SHALL NOT BE INFRINGED The final phrase is critical here because it demands we grow up, collectively, as a society, and deal with this in some way. The right of individuals to participate in the defense of republicanism through state-managed, Federally overseen and regulated militias is declared to be a fundamental right. There is no getting around this. The question is, the gigantic question, the question neither I nor anyone else you know can give a crisp, clean answer to, is this: what types of weapons should militias have, how organized should they be outside of a time of crisis, and does the individual right to have access to weapons to defend the republican polity mean that they have the right to maintain private ownership of weapons and/or stewardship of public weapons?
This answer isn't in the Constitution as it currently exists and our laws and precedents, as they currently exist, imperfectly answer these questions - imperfectly, but they do answer them and, it seems, in a way that generally conforms to the Constitutional prerogatives given to Congress and the states. Which is something.
Many pretend that all weapons are equal, but this is, frankly, idiotic. Weapons (by which I mean tactical weapons - I won't even touch strategic weapons here) can be divided into three general categories. First, some weapons are primarily used, in contemporary America, for hunting. It should be noted, of course, that weapons designed for hunting are ultimately all derived from dual-use weapons that were used for hunting and warfare. Secondly, some weapons are designed with the intention of allowing the user to kill or injure only one person at a time - these are tactically precise. Third, some weapons are designed with the intention of allowing the user to kill or injure relatively large numbers of people rapidly, typically with the advantage of generating "battlefield chaos," that is to say fear and confusion which may then be exploited by others with more precise munitions.
All weapons are designed to injure or kill. All weapons will, at times, be used for this purpose and, more specifically, for the purpose of injuring or killing human beings. But, equally, the threat presented by weapons retasked for criminal, rather than civil, purposes is wildly variant. The practical lawmaker, I believe, should consider this when generating laws - weapons of the first type should be beholden to far fewer regulations than those of the second, which should again be beholden to infinitely fewer than those of the third.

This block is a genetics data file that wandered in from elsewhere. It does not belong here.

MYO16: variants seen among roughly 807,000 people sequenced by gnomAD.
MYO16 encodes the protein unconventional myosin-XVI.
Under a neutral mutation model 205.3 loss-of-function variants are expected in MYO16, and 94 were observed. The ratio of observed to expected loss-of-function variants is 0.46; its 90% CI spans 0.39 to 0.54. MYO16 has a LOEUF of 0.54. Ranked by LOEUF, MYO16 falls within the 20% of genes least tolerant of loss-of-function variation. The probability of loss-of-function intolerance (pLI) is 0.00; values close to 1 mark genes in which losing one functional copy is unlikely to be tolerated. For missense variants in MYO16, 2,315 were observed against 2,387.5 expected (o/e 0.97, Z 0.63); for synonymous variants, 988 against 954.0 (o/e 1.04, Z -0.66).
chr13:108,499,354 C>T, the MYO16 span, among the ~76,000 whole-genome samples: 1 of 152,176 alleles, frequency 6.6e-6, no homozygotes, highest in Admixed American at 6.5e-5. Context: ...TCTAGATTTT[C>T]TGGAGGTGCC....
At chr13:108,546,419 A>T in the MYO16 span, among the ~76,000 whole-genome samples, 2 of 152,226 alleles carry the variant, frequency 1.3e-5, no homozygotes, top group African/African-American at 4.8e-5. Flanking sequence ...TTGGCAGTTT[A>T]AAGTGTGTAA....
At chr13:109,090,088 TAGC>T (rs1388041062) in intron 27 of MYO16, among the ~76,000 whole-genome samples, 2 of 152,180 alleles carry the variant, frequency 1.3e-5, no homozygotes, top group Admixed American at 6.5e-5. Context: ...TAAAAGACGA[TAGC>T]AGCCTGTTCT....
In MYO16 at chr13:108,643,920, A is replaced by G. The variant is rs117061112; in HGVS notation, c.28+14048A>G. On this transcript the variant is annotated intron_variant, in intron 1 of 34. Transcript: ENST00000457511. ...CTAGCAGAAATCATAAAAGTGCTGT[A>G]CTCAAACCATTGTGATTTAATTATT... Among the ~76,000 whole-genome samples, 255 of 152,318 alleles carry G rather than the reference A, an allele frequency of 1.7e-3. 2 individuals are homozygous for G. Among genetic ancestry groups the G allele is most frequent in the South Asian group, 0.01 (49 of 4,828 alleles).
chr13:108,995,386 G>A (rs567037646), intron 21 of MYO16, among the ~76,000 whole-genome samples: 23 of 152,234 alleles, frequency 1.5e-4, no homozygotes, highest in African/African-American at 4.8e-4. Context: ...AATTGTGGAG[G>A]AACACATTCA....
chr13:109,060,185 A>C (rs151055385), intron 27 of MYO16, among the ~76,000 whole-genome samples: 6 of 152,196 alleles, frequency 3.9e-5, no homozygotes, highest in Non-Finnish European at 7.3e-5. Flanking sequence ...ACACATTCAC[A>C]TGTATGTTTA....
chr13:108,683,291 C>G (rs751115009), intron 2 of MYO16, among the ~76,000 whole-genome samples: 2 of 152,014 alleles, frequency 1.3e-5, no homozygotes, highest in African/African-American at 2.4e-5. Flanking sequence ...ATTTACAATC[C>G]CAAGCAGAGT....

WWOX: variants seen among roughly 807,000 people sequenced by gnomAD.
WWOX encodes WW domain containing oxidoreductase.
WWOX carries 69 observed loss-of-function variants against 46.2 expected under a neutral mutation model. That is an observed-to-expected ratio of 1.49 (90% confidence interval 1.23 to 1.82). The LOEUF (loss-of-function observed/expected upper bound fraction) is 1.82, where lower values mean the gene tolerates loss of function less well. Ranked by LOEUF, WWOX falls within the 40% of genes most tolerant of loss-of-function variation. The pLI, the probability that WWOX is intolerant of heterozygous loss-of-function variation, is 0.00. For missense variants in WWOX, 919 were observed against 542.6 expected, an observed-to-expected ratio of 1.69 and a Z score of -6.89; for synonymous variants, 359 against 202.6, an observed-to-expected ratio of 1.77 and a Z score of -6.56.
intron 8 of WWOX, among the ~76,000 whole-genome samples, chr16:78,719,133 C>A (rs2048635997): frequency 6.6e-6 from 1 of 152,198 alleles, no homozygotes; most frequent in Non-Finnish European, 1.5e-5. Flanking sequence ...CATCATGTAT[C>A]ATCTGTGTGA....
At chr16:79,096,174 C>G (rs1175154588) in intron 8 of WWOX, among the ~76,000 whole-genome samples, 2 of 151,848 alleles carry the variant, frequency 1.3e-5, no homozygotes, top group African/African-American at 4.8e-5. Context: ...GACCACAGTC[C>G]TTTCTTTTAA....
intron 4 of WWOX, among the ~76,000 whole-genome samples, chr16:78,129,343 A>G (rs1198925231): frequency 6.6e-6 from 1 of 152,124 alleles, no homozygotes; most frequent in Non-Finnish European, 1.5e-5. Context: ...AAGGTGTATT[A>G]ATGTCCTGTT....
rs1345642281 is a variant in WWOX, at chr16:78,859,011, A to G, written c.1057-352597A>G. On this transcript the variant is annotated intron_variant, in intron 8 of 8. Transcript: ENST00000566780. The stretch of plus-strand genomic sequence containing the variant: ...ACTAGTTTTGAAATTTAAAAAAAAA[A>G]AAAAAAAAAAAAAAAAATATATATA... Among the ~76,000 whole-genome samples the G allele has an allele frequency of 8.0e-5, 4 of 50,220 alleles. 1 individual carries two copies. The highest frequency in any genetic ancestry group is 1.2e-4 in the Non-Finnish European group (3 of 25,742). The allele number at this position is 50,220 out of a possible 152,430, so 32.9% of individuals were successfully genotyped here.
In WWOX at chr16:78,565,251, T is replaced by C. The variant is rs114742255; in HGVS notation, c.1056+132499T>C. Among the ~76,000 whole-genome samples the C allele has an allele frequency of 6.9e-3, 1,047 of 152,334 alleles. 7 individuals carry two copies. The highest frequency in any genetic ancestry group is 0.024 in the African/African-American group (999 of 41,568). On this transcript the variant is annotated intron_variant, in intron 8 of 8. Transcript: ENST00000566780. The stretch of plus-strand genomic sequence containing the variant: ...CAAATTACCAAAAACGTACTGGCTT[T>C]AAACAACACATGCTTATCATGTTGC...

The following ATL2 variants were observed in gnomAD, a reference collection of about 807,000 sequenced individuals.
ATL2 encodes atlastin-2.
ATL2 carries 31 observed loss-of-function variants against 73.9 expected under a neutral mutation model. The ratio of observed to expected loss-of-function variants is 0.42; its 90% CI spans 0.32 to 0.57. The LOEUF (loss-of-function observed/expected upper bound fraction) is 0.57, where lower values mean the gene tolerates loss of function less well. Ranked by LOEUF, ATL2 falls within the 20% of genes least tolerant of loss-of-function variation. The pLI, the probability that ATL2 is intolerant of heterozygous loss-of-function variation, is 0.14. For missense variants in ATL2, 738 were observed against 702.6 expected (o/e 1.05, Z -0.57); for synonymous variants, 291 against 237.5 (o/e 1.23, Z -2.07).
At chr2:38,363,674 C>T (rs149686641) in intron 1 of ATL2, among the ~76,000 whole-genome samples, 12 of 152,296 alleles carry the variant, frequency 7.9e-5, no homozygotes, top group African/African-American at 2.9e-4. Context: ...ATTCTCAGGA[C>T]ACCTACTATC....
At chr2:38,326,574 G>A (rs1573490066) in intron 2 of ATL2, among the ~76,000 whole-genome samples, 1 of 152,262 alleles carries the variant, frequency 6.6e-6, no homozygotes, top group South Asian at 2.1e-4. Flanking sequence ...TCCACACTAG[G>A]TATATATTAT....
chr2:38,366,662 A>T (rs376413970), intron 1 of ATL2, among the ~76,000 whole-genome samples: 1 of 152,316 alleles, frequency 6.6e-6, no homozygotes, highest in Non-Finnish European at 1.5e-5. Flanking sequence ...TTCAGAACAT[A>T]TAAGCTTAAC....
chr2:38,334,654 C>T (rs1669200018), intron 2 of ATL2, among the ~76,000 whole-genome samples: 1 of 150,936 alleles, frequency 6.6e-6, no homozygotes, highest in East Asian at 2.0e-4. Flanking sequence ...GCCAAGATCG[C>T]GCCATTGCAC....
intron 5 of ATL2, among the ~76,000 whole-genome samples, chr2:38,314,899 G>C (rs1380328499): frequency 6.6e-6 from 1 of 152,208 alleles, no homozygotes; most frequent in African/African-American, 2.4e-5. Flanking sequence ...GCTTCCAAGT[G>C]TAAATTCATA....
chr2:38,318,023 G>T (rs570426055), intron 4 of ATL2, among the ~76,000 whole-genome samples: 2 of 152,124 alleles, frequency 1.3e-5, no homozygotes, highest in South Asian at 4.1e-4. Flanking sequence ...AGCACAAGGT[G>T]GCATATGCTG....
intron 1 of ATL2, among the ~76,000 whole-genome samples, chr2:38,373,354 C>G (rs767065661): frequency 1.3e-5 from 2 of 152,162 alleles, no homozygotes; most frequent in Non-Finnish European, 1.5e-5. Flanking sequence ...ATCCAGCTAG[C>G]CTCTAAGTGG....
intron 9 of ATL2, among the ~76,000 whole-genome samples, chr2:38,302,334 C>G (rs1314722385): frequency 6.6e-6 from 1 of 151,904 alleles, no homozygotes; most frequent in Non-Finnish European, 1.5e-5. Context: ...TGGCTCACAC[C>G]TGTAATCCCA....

If laws are intended to limit the injury one party does another party, be it intentionally or unintentionally, then the greater capacity an object of regulation has to cause injury either in terms of intensity or extensiveness (how bad the potential for injury is versus how many people may be injured by the object), the greater the polity's right, nay, moral obligation to regulate it.
Put in plain terms - it is tough to argue for more than minimal regulations on hunting weapons; it is hard not to argue for significant, but not easily debarring regulations on weapons designed exclusively to kill or injure one human being, and it demands ideological bias of the highest type to argue against weapons designed exclusively to kill or injure large numbers of people in a very short time.
Practically, what does this mean? Well, for one, it means that we should require everyone to undergo weapons training of an elementary type at a comparatively young age, excepting those who can argue for an exception on moral grounds (which is entirely appropriate). Secondly, we should both require and provide extensive education for the use of non-hunting weapons within those states which chose to allow them as part of their licensing process. Thirdly, the states should have significant leeway in how they organize their militias and define the implications of those militias (e.g. if New York wants to have only community ownership and use of war-making weapons, and Montana wants more distributed ownership and use, they must both justify and mutually respect one another, as well as the Federal governments efforts to make this practicable), understanding of course that deregulation is not an option and that there must be some preservation of the right to bear arms in the form of a regulated militia.